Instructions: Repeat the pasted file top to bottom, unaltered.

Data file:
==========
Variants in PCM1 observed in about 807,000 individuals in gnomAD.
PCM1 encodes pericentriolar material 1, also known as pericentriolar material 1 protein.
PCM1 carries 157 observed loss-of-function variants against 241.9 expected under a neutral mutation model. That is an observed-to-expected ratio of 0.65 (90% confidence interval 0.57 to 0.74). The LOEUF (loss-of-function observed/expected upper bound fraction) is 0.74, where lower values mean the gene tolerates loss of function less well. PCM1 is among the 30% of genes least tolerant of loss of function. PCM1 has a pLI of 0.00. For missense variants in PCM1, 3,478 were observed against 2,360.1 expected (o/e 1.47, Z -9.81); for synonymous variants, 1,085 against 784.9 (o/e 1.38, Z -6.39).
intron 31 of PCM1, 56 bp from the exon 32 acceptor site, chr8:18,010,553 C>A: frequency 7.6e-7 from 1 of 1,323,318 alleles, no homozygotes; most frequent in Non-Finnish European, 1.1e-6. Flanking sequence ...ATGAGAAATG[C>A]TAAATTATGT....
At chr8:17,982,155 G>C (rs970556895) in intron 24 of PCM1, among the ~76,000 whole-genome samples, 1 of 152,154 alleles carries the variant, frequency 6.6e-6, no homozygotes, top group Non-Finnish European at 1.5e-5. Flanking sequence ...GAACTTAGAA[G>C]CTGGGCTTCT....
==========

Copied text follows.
Variants in PCM1 observed in about 807,000 individuals in gnomAD.
PCM1 encodes pericentriolar material 1, also known as pericentriolar material 1 protein.
PCM1 carries 157 observed loss-of-function variants against 241.9 expected under a neutral mutation model. That is an observed-to-expected ratio of 0.65 (90% confidence interval 0.57 to 0.74). The LOEUF (loss-of-function observed/expected upper bound fraction) is 0.74, where lower values mean the gene tolerates loss of function less well. PCM1 is among the 30% of genes least tolerant of loss of function. PCM1 has a pLI of 0.00. For missense variants in PCM1, 3,478 were observed against 2,360.1 expected (o/e 1.47, Z -9.81); for synonymous variants, 1,085 against 784.9 (o/e 1.38, Z -6.39).
intron 31 of PCM1, 56 bp from the exon 32 acceptor site, chr8:18,010,553 C>A: frequency 7.6e-7 from 1 of 1,323,318 alleles, no homozygotes; most frequent in Non-Finnish European, 1.1e-6. Flanking sequence ...ATGAGAAATG[C>A]TAAATTATGT....
At chr8:17,982,155 G>C (rs970556895) in intron 24 of PCM1, among the ~76,000 whole-genome samples, 1 of 152,154 alleles carries the variant, frequency 6.6e-6, no homozygotes, top group Non-Finnish European at 1.5e-5. Flanking sequence ...GAACTTAGAA[G>C]CTGGGCTTCT....